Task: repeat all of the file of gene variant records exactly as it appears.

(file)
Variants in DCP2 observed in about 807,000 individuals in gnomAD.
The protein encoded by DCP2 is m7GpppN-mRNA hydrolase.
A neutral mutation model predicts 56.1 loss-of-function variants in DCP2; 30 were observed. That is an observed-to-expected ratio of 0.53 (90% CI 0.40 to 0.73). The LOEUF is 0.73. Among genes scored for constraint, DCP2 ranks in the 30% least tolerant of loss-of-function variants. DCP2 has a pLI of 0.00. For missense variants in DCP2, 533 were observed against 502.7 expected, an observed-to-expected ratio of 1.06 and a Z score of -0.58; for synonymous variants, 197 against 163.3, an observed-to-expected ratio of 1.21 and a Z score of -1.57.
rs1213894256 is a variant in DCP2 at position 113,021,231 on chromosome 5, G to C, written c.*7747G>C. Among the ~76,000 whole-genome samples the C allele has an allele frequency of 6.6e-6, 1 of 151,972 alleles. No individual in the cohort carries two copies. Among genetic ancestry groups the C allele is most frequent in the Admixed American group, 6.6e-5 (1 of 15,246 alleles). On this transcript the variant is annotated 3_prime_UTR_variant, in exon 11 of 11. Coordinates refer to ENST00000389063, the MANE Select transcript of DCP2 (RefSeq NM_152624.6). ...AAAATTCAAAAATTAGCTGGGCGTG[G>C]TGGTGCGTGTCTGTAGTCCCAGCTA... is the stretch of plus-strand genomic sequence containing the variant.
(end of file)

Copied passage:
Variants in DCP2 observed in about 807,000 individuals in gnomAD.
The protein encoded by DCP2 is m7GpppN-mRNA hydrolase.
A neutral mutation model predicts 56.1 loss-of-function variants in DCP2; 30 were observed. That is an observed-to-expected ratio of 0.53 (90% CI 0.40 to 0.73). The LOEUF is 0.73. Among genes scored for constraint, DCP2 ranks in the 30% least tolerant of loss-of-function variants. DCP2 has a pLI of 0.00. For missense variants in DCP2, 533 were observed against 502.7 expected, an observed-to-expected ratio of 1.06 and a Z score of -0.58; for synonymous variants, 197 against 163.3, an observed-to-expected ratio of 1.21 and a Z score of -1.57.
rs1213894256 is a variant in DCP2 at position 113,021,231 on chromosome 5, G to C, written c.*7747G>C. Among the ~76,000 whole-genome samples the C allele has an allele frequency of 6.6e-6, 1 of 151,972 alleles. No individual in the cohort carries two copies. Among genetic ancestry groups the C allele is most frequent in the Admixed American group, 6.6e-5 (1 of 15,246 alleles). On this transcript the variant is annotated 3_prime_UTR_variant, in exon 11 of 11. Coordinates refer to ENST00000389063, the MANE Select transcript of DCP2 (RefSeq NM_152624.6). ...AAAATTCAAAAATTAGCTGGGCGTG[G>C]TGGTGCGTGTCTGTAGTCCCAGCTA... is the stretch of plus-strand genomic sequence containing the variant.